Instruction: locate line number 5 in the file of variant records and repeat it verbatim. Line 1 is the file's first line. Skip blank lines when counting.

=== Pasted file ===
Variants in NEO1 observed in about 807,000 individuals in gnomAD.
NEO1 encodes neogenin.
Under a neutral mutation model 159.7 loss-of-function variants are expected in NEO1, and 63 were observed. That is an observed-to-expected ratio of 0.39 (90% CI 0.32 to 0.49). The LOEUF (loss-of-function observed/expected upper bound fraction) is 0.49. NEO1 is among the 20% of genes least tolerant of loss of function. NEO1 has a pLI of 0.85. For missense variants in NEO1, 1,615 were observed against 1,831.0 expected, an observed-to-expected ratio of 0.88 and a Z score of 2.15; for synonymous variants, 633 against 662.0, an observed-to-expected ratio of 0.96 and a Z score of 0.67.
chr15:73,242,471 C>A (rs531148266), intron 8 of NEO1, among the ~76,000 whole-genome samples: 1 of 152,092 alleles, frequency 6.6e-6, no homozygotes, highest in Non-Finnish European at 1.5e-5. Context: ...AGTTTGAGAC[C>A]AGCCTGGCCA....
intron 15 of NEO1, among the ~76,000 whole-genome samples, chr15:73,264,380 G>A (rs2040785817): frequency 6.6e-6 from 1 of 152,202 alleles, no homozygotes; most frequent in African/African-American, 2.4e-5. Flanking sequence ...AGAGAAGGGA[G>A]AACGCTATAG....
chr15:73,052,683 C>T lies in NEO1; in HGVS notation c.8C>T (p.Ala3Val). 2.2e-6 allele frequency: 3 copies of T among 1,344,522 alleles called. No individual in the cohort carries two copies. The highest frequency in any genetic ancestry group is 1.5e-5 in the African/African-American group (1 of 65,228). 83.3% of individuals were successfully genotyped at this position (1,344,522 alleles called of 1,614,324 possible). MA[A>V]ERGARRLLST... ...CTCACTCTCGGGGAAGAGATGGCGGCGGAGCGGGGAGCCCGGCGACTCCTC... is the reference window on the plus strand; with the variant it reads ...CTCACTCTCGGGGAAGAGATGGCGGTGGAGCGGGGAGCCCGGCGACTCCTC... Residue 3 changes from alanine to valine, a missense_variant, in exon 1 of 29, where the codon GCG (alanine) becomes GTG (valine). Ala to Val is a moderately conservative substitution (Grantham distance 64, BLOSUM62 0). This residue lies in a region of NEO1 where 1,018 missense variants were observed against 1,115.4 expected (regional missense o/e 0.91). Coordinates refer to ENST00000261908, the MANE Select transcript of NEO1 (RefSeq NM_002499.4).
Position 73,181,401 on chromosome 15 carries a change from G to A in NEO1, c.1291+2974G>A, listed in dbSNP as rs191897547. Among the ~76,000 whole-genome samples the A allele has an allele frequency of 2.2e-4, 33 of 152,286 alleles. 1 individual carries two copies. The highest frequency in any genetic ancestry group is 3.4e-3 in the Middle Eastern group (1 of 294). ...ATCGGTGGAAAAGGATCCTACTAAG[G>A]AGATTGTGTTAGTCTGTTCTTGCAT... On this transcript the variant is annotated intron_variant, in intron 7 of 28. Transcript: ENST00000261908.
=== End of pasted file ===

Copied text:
intron 15 of NEO1, among the ~76,000 whole-genome samples, chr15:73,264,380 G>A (rs2040785817): frequency 6.6e-6 from 1 of 152,202 alleles, no homozygotes; most frequent in African/African-American, 2.4e-5. Flanking sequence ...AGAGAAGGGA[G>A]AACGCTATAG....